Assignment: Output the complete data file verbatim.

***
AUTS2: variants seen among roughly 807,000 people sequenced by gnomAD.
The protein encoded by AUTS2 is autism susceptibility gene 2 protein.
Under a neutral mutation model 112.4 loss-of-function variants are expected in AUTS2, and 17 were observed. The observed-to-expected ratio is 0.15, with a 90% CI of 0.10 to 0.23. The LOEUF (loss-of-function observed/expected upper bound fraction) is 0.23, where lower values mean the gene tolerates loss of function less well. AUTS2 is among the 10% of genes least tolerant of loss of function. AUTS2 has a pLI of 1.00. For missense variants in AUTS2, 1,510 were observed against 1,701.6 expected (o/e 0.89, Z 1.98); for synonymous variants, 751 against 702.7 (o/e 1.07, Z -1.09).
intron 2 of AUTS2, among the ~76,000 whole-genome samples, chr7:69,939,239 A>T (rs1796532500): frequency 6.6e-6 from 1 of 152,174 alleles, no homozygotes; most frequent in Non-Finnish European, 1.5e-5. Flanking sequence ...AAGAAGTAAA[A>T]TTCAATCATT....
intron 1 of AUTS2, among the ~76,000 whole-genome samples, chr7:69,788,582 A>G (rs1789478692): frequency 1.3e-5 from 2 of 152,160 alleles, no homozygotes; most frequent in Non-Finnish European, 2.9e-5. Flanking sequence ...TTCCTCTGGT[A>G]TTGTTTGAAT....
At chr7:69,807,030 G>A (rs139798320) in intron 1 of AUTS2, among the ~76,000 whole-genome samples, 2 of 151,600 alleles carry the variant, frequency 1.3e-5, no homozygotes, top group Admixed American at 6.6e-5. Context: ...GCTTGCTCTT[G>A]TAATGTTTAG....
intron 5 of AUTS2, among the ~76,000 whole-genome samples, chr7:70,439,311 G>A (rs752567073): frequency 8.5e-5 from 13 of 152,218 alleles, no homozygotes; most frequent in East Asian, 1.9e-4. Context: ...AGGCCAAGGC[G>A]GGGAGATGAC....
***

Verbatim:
AUTS2: variants seen among roughly 807,000 people sequenced by gnomAD.
The protein encoded by AUTS2 is autism susceptibility gene 2 protein.
Under a neutral mutation model 112.4 loss-of-function variants are expected in AUTS2, and 17 were observed. The observed-to-expected ratio is 0.15, with a 90% CI of 0.10 to 0.23. The LOEUF (loss-of-function observed/expected upper bound fraction) is 0.23, where lower values mean the gene tolerates loss of function less well. AUTS2 is among the 10% of genes least tolerant of loss of function. AUTS2 has a pLI of 1.00. For missense variants in AUTS2, 1,510 were observed against 1,701.6 expected (o/e 0.89, Z 1.98); for synonymous variants, 751 against 702.7 (o/e 1.07, Z -1.09).
intron 2 of AUTS2, among the ~76,000 whole-genome samples, chr7:69,939,239 A>T (rs1796532500): frequency 6.6e-6 from 1 of 152,174 alleles, no homozygotes; most frequent in Non-Finnish European, 1.5e-5. Flanking sequence ...AAGAAGTAAA[A>T]TTCAATCATT....
intron 1 of AUTS2, among the ~76,000 whole-genome samples, chr7:69,788,582 A>G (rs1789478692): frequency 1.3e-5 from 2 of 152,160 alleles, no homozygotes; most frequent in Non-Finnish European, 2.9e-5. Flanking sequence ...TTCCTCTGGT[A>G]TTGTTTGAAT....
At chr7:69,807,030 G>A (rs139798320) in intron 1 of AUTS2, among the ~76,000 whole-genome samples, 2 of 151,600 alleles carry the variant, frequency 1.3e-5, no homozygotes, top group Admixed American at 6.6e-5. Context: ...GCTTGCTCTT[G>A]TAATGTTTAG....
intron 5 of AUTS2, among the ~76,000 whole-genome samples, chr7:70,439,311 G>A (rs752567073): frequency 8.5e-5 from 13 of 152,218 alleles, no homozygotes; most frequent in East Asian, 1.9e-4. Context: ...AGGCCAAGGC[G>A]GGGAGATGAC....